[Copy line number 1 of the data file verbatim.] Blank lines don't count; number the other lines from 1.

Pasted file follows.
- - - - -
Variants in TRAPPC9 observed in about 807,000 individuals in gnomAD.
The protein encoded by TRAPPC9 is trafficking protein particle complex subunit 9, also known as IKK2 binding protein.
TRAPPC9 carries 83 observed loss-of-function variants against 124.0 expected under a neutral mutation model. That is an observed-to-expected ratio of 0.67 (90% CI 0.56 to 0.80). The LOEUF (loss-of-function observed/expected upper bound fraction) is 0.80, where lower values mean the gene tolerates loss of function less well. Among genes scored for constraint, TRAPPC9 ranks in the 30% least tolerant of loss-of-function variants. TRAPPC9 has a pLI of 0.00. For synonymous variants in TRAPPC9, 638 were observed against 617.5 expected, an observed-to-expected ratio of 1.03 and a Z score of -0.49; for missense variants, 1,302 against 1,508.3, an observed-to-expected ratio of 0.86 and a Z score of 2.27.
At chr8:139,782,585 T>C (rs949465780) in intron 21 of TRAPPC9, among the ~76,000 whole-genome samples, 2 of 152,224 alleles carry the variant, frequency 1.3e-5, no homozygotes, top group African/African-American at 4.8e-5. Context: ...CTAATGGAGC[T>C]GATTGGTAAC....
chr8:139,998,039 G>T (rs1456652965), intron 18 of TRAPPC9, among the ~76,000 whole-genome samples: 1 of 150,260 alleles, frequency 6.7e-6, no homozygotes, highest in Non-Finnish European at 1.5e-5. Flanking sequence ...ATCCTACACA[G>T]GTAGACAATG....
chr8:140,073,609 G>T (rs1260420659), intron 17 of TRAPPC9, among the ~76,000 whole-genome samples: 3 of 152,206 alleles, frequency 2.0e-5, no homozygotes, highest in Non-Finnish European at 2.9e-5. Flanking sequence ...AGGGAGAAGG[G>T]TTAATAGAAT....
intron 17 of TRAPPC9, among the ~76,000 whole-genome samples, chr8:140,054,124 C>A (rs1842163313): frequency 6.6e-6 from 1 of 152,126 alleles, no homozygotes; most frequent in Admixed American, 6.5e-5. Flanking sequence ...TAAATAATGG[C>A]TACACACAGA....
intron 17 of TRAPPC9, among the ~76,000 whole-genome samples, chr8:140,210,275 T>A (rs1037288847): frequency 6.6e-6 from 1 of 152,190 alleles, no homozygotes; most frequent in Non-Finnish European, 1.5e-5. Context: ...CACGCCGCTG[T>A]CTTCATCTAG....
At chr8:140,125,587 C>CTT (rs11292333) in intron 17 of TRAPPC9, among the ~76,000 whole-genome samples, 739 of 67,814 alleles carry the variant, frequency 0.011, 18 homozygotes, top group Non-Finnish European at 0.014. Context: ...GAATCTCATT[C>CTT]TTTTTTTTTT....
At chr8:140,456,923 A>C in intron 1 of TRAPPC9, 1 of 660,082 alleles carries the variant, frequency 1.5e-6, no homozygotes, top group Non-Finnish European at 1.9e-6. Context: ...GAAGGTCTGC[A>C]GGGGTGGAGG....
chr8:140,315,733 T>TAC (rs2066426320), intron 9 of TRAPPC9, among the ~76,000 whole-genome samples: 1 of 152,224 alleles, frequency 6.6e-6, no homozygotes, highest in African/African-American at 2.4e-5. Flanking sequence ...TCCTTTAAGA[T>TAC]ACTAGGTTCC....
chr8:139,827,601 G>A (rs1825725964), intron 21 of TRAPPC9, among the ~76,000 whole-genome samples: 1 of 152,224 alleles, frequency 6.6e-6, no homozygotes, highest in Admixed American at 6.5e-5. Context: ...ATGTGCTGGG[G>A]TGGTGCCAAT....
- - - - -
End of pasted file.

Variants in TRAPPC9 observed in about 807,000 individuals in gnomAD.